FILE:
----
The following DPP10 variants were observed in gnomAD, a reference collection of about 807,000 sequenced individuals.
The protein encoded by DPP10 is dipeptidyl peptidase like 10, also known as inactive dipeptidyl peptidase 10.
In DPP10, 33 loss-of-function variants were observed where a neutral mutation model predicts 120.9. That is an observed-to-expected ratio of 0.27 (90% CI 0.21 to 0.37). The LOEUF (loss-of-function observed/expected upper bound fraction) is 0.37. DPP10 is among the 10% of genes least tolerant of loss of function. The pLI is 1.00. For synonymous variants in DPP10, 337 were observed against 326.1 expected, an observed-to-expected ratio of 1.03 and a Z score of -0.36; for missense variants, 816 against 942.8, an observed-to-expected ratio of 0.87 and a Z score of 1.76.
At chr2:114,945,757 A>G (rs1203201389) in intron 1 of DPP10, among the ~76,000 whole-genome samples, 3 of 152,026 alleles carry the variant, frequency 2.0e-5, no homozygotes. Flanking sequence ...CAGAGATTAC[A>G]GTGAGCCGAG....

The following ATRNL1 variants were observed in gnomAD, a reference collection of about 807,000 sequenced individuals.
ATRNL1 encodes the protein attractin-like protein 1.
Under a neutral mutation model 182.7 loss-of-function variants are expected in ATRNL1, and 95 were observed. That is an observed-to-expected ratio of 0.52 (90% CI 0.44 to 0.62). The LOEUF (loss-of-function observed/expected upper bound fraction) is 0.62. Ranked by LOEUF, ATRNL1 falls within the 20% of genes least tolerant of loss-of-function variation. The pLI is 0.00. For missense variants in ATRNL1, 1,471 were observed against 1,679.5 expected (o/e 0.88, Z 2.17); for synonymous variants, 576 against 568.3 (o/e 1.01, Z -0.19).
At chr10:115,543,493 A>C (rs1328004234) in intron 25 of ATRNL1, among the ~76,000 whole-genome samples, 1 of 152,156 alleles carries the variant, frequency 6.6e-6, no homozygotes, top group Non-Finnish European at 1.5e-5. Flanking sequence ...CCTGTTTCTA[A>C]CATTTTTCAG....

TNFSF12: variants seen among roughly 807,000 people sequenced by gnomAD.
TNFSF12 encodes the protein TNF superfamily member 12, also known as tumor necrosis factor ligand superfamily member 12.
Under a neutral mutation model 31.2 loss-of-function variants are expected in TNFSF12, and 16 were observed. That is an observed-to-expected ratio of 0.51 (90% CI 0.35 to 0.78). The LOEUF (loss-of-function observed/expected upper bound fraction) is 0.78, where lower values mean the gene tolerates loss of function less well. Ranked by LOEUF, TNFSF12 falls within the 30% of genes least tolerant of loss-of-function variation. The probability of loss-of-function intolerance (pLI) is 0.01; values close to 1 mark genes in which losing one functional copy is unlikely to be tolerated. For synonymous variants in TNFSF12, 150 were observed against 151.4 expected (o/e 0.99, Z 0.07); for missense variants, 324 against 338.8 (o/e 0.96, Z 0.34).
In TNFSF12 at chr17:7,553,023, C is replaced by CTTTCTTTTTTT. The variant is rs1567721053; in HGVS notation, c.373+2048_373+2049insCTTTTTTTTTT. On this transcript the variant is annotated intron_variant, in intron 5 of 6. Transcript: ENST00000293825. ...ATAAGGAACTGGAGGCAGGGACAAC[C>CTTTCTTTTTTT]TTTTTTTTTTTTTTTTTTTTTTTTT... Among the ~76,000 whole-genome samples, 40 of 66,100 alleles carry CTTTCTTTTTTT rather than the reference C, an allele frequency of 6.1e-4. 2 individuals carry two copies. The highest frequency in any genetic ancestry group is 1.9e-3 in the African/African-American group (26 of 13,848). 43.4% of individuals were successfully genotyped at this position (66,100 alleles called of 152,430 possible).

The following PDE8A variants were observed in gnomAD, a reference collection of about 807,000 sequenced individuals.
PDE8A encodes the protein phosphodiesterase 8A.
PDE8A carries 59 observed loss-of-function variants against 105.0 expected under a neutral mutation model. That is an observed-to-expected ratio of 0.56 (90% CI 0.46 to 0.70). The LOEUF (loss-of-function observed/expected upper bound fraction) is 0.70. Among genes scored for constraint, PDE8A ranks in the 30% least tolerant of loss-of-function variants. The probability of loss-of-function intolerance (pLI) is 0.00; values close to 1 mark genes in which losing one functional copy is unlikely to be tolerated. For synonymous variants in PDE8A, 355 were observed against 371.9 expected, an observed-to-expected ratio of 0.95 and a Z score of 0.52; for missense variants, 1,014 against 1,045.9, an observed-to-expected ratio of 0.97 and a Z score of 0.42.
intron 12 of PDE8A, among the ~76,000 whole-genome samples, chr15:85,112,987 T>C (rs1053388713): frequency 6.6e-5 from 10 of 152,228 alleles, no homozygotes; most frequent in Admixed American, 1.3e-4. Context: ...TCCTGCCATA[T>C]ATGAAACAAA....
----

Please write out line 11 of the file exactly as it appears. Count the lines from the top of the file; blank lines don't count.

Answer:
Under a neutral mutation model 31.2 loss-of-function variants are expected in TNFSF12, and 16 were observed. That is an observed-to-expected ratio of 0.51 (90% CI 0.35 to 0.78). The LOEUF (loss-of-function observed/expected upper bound fraction) is 0.78, where lower values mean the gene tolerates loss of function less well. Ranked by LOEUF, TNFSF12 falls within the 30% of genes least tolerant of loss-of-function variation. The probability of loss-of-function intolerance (pLI) is 0.01; values close to 1 mark genes in which losing one functional copy is unlikely to be tolerated. For synonymous variants in TNFSF12, 150 were observed against 151.4 expected (o/e 0.99, Z 0.07); for missense variants, 324 against 338.8 (o/e 0.96, Z 0.34).